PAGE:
Diverse and foreign films provide students with a powerful, visual global perspective. While this may sound obvious, film’s comparative advantage of powerful images, compelling and concrete dramatic stories, and close-up shots of conflict (that are rarely directly observed or felt) means that students can be temporarily immersed into another cultural and political milieu. This can provide a jumping off point for the academic lesson, as I discuss below. In my experience, students are eager to see how issues look from different cultural perspectives. For example, many students naturally think of the American case when we talk of racism and discrimination. Showing a film with detailed stories and images of discrimination and violence against European immigrants and Roma-Gypsies or indigenous peoples in Central America can provide a needed comparative and global perspective and take the conversation to another critical level. It enables the idea of human rights to be universalized and individualized, thus bringing the global and local together.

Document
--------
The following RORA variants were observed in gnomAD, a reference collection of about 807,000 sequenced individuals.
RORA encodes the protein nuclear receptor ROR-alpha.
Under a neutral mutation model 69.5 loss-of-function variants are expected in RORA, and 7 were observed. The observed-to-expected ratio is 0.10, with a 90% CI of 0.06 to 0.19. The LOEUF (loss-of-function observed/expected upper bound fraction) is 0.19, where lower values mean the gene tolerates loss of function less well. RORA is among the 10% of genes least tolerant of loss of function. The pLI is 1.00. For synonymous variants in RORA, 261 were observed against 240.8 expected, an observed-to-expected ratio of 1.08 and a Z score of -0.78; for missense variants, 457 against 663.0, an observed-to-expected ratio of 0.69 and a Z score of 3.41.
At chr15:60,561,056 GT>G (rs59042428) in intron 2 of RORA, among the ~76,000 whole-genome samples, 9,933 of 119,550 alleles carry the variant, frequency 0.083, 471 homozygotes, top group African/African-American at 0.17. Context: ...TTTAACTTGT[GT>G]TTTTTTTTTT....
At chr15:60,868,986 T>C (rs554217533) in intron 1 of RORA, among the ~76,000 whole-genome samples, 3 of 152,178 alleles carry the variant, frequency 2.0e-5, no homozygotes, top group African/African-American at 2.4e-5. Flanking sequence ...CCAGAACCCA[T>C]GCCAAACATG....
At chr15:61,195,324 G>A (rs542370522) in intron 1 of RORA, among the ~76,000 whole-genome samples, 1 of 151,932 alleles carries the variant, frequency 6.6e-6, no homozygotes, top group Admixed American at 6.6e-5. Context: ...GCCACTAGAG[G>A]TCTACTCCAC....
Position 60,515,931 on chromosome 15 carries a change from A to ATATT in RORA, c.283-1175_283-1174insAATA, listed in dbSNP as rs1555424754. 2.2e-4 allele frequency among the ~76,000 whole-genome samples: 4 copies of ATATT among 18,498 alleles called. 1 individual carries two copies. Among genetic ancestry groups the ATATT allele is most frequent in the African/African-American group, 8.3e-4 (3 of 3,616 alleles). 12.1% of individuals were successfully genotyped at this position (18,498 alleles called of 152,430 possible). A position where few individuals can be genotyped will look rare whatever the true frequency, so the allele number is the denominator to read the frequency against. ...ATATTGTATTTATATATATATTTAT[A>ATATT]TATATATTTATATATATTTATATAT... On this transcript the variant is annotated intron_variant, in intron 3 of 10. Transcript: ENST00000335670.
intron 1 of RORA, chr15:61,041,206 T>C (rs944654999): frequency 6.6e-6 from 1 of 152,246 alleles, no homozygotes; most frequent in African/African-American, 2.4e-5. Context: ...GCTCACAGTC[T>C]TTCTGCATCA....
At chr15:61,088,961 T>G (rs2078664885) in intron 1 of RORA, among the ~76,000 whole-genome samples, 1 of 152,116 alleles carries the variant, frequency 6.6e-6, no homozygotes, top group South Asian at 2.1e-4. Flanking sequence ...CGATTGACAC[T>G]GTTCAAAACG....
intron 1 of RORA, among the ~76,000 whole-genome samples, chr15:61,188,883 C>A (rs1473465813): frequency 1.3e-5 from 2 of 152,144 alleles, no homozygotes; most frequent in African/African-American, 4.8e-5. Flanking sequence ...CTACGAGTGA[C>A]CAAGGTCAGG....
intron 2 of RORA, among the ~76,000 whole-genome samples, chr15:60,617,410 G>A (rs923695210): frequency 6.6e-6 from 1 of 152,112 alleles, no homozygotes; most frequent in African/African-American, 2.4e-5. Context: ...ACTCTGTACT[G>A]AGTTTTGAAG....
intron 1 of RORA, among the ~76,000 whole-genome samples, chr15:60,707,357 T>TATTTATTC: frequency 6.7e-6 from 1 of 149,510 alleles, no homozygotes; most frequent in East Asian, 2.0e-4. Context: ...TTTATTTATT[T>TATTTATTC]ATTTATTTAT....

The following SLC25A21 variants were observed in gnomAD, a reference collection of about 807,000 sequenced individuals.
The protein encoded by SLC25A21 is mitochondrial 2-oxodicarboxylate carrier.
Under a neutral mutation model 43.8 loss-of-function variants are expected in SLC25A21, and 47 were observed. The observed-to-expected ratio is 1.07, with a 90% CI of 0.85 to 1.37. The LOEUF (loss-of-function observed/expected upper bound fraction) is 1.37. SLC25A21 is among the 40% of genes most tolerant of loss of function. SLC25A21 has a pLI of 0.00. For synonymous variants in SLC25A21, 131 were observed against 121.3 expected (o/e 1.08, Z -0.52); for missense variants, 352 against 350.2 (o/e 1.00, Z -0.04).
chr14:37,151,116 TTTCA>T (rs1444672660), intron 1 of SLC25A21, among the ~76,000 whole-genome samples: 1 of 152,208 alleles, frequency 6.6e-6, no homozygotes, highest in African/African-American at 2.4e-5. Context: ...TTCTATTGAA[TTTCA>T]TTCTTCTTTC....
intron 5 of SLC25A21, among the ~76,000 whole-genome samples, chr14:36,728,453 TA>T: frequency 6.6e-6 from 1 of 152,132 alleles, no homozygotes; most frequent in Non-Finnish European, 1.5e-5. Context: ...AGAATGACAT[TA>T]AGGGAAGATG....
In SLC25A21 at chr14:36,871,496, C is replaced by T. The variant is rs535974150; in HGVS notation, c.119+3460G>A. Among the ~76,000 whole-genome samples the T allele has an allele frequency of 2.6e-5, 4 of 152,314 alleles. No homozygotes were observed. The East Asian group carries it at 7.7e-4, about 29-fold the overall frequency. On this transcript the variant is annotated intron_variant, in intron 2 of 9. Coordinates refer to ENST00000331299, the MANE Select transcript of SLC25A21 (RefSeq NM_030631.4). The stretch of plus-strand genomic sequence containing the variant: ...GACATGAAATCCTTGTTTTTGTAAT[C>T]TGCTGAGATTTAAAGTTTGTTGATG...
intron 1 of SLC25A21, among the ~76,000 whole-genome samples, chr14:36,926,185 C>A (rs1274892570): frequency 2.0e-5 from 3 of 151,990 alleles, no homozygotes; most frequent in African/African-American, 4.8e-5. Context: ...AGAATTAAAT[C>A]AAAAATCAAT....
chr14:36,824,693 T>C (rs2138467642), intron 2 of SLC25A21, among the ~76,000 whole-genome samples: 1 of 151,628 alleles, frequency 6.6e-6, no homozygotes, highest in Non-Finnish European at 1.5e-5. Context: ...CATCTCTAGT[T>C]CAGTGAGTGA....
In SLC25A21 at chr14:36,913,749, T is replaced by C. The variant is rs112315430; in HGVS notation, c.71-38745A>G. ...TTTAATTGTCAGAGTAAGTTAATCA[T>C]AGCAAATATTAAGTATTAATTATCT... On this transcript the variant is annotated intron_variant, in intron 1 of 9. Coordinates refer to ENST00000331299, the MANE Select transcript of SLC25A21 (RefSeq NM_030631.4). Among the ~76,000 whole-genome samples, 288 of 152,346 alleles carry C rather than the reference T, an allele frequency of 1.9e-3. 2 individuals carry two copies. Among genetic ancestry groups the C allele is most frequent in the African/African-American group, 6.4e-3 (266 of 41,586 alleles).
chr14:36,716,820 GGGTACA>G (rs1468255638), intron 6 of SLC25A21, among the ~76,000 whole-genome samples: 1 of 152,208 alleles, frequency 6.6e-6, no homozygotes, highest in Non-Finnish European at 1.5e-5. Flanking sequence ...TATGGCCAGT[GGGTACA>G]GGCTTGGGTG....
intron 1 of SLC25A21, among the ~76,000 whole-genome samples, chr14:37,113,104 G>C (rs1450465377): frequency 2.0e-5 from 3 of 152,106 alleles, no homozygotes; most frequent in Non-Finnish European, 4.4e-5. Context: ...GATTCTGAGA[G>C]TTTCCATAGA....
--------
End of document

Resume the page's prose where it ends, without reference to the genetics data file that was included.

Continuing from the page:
Film can also inform, educate, and engage students about human rights. Not only is film crucial for representing, identifying, and providing evidence for human rights challenges, it is useful to illustrate case studies of broader concepts and importantly as catalysts for engagement and academic study. For example, when I teach human rights foreign policy and genocide, the feature film on the Rwandan genocide Sometimes in April (dir. Raoul Peck, 2006) is a potent visual text that spurs students to ask questions about how states and international organizations grapple with the legal, political, and moral dilemmas of mass violence and genocide in general and in Rwanda in particular. It is especially powerful because through the personal story of a mixed Hutu/Tutsi family and a Hutu extremist brother on trial, we see the Rwandan genocide personalized and individualized. At the same time human rights are universalized – we see that mass violence and the struggle for security are common and global phenomena. Lastly, almost all aspects of the Rwandan genocide that can spin-off into class examination are represented in the film: the causes of genocide, its preparation and process, identity politics, role of U.S. and the United Nations, international war crimes trials, reconciliation, and the local gacaca trials.